Cincinnati’s Union Terminal hosts Railroad Stations first-day ceremony
By David Hartwig
The United States Postal Service held a first-day ceremony in Cincinnati March 9 for the set of five Railroad Stations commemorative forever stamps.
The ceremony began at 11 a.m. in an auditorium at the Cincinnati Union Terminal, the most recent of the five stations depicted on the stamps. Attendees nearly filled the 300-seat auditorium.
The master of ceremonies for the event was John Lomax, retired news anchor for the WKRC television station, who called the Union Terminal his favorite landmark.
DeMarco Reed, a student at Cincinnati’s School for Creative and Performing Arts, sang the national anthem at the start of the event. Several subsequent speakers remarked on Reed’s impressive rendition.
Elizabeth Pierce, CEO of the Cincinnati Museum Center housed in Union Terminal, gave a brief history of Union Terminal and spoke on its continued significance, adding that 2023 marks 90 years since the building’s opening. Hamilton County Commissioner president Alicia Reece then talked about how the building continues to connect people.
Before the digital unveiling in the official stamp dedication, Daniel Tangherlini of the U.S. Postal Service board of governors drew attention to Ohio’s recent train derailments in Springfield and East Palestine and said the “need to keep safety front and center” is a primary concern of USPS.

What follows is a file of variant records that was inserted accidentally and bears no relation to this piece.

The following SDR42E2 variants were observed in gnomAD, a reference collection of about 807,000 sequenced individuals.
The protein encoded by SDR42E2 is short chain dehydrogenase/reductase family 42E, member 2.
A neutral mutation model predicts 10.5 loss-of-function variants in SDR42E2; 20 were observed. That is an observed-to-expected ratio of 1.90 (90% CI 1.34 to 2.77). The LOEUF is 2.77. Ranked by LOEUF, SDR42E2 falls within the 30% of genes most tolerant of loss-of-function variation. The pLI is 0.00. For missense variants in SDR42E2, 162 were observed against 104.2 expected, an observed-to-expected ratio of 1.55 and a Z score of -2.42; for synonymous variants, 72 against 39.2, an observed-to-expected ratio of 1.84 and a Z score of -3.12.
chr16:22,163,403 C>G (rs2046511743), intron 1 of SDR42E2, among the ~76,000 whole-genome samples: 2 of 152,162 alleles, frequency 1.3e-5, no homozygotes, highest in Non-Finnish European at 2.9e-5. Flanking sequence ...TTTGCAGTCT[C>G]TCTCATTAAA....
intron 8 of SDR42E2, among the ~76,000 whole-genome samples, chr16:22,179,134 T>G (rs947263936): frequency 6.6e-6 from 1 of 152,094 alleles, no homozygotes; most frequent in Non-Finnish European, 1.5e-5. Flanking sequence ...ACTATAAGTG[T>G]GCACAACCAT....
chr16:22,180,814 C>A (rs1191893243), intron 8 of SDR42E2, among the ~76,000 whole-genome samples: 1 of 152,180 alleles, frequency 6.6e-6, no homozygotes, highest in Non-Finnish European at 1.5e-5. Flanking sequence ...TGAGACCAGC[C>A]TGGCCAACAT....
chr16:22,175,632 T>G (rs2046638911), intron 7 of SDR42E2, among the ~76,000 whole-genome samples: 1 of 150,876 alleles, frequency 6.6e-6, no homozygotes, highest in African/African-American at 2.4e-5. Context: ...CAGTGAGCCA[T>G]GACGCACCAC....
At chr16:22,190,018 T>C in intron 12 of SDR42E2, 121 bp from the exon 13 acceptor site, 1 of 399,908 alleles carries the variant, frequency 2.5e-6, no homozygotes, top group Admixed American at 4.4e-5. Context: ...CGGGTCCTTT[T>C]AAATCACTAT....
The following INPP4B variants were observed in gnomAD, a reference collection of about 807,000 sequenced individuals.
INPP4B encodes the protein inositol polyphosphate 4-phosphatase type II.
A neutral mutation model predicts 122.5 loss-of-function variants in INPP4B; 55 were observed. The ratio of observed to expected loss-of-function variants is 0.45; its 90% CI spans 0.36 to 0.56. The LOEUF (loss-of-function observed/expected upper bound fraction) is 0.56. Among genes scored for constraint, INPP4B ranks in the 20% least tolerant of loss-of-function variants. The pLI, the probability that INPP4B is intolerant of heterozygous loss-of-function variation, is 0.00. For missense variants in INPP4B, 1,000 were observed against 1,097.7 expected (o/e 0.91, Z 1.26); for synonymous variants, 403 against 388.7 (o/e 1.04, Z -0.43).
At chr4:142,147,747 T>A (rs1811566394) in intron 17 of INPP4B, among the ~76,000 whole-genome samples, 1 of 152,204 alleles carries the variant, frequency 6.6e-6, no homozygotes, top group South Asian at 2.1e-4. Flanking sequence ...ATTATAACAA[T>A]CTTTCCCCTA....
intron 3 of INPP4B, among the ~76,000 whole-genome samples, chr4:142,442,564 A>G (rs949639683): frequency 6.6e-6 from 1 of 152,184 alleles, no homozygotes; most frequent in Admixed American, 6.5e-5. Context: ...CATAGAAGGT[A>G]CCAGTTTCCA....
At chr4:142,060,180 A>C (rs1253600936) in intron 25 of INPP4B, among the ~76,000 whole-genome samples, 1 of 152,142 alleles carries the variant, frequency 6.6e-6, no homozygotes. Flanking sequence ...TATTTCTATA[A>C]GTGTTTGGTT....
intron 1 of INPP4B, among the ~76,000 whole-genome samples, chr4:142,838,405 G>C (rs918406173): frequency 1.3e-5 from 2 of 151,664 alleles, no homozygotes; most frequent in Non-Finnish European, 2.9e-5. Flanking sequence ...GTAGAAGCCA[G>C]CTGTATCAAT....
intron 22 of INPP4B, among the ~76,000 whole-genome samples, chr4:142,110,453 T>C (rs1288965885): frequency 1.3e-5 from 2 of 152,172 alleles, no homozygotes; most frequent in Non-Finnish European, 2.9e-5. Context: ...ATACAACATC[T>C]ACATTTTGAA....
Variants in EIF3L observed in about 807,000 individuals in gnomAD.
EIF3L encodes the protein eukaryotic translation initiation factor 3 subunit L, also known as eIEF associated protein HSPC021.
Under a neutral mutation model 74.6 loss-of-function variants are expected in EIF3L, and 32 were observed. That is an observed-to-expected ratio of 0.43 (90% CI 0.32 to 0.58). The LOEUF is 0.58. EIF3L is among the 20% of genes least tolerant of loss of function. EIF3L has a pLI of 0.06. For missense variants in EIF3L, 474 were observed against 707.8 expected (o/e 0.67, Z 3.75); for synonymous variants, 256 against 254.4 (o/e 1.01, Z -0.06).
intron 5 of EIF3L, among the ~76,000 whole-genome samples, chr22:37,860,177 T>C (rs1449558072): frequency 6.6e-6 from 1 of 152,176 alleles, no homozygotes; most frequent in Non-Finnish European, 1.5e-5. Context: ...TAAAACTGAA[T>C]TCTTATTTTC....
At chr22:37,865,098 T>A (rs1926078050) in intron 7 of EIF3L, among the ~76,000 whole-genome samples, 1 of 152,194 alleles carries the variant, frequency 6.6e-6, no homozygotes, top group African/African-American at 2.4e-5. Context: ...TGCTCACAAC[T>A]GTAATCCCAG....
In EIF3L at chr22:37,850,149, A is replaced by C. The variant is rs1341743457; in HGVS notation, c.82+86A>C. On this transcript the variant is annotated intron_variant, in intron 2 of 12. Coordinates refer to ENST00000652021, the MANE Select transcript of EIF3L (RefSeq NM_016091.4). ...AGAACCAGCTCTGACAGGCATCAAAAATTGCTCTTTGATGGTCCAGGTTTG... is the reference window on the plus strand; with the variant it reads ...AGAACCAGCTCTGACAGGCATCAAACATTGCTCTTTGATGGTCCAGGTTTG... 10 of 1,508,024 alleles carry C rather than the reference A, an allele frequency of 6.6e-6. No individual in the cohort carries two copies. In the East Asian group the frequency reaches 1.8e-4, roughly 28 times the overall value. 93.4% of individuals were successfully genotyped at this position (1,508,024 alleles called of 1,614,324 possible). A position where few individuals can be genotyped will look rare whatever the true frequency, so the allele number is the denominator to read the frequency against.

In his closing remarks, Tangherlini said that at the recent celebration for his father’s 99th birthday, his father mentioned that he traveled through Union Terminal on his way to Europe during World War II.
Union Terminal building historian Janice Forte spoke of veterans in her remarks on how the Union Terminal humanizes people, telling a story of how workers cleared a women’s bathing area in the station so a disabled WWII veteran could take an independent bath, as the men’s area only had showers.
Forte said Union Terminal is “more than a train station” and that “the Queen City’s crown lays on this building.”
Nicholas Cates, an architect from the company tasked with a recent years-long renovation of Union Terminal, echoed these sentiments when he discussed how he developed a long personal relationship with the building in his youth.
Cates was on site during the restoration, which he said was rare for an architect. “Working on this building was a grail project for me,” he said. In his closing, Cates said that the stamps might inspire future architects.
The Cincinnati Museum Center, located at 1301 Western Ave. in Cincinnati, is open 10 a.m. to 5 p.m. Thursdays through Mondays. Amtrak operates a line running through Union Terminal; more information on this route can be found the Amtrak website.
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